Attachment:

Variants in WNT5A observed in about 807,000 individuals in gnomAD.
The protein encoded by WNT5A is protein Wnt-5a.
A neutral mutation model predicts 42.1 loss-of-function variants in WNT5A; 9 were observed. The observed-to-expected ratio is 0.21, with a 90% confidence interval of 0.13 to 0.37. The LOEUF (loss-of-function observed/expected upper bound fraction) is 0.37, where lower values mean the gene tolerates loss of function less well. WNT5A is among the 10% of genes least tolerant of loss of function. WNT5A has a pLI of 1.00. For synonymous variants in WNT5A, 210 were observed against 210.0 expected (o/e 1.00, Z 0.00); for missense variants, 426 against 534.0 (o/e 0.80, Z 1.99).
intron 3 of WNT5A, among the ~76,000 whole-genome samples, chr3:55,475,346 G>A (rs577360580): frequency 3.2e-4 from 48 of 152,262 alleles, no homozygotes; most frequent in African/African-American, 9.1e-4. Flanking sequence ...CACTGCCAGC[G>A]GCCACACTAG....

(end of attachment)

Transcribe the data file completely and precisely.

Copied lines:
Variants in WNT5A observed in about 807,000 individuals in gnomAD.
The protein encoded by WNT5A is protein Wnt-5a.
A neutral mutation model predicts 42.1 loss-of-function variants in WNT5A; 9 were observed. The observed-to-expected ratio is 0.21, with a 90% confidence interval of 0.13 to 0.37. The LOEUF (loss-of-function observed/expected upper bound fraction) is 0.37, where lower values mean the gene tolerates loss of function less well. WNT5A is among the 10% of genes least tolerant of loss of function. WNT5A has a pLI of 1.00. For synonymous variants in WNT5A, 210 were observed against 210.0 expected (o/e 1.00, Z 0.00); for missense variants, 426 against 534.0 (o/e 0.80, Z 1.99).
intron 3 of WNT5A, among the ~76,000 whole-genome samples, chr3:55,475,346 G>A (rs577360580): frequency 3.2e-4 from 48 of 152,262 alleles, no homozygotes; most frequent in African/African-American, 9.1e-4. Flanking sequence ...CACTGCCAGC[G>A]GCCACACTAG....